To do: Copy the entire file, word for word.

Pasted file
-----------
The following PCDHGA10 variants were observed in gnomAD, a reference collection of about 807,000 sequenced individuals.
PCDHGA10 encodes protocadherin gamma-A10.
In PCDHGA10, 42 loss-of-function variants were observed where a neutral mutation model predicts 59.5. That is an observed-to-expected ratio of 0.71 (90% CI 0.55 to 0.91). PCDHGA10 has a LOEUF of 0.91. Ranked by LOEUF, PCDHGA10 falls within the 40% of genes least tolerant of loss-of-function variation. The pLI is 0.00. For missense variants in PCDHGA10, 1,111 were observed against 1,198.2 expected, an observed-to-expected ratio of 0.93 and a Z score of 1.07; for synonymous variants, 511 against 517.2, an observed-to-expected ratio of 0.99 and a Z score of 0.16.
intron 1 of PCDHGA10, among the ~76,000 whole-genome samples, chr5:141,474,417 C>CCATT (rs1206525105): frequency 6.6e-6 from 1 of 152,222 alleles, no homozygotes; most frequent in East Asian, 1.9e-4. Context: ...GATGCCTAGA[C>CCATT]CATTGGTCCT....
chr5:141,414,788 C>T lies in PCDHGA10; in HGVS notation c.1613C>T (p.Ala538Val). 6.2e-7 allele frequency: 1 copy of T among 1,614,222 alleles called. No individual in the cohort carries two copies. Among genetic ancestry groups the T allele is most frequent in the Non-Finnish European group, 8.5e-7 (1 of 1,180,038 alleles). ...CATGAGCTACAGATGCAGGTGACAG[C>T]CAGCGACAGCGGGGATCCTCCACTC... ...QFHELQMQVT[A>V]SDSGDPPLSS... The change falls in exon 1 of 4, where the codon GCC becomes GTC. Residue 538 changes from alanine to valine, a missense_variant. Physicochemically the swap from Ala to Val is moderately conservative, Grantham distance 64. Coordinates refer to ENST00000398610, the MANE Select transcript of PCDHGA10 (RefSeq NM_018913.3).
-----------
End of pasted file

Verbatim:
The following PCDHGA10 variants were observed in gnomAD, a reference collection of about 807,000 sequenced individuals.
PCDHGA10 encodes protocadherin gamma-A10.
In PCDHGA10, 42 loss-of-function variants were observed where a neutral mutation model predicts 59.5. That is an observed-to-expected ratio of 0.71 (90% CI 0.55 to 0.91). PCDHGA10 has a LOEUF of 0.91. Ranked by LOEUF, PCDHGA10 falls within the 40% of genes least tolerant of loss-of-function variation. The pLI is 0.00. For missense variants in PCDHGA10, 1,111 were observed against 1,198.2 expected, an observed-to-expected ratio of 0.93 and a Z score of 1.07; for synonymous variants, 511 against 517.2, an observed-to-expected ratio of 0.99 and a Z score of 0.16.
intron 1 of PCDHGA10, among the ~76,000 whole-genome samples, chr5:141,474,417 C>CCATT (rs1206525105): frequency 6.6e-6 from 1 of 152,222 alleles, no homozygotes; most frequent in East Asian, 1.9e-4. Context: ...GATGCCTAGA[C>CCATT]CATTGGTCCT....
chr5:141,414,788 C>T lies in PCDHGA10; in HGVS notation c.1613C>T (p.Ala538Val). 6.2e-7 allele frequency: 1 copy of T among 1,614,222 alleles called. No individual in the cohort carries two copies. Among genetic ancestry groups the T allele is most frequent in the Non-Finnish European group, 8.5e-7 (1 of 1,180,038 alleles). ...CATGAGCTACAGATGCAGGTGACAG[C>T]CAGCGACAGCGGGGATCCTCCACTC... ...QFHELQMQVT[A>V]SDSGDPPLSS... The change falls in exon 1 of 4, where the codon GCC becomes GTC. Residue 538 changes from alanine to valine, a missense_variant. Physicochemically the swap from Ala to Val is moderately conservative, Grantham distance 64. Coordinates refer to ENST00000398610, the MANE Select transcript of PCDHGA10 (RefSeq NM_018913.3).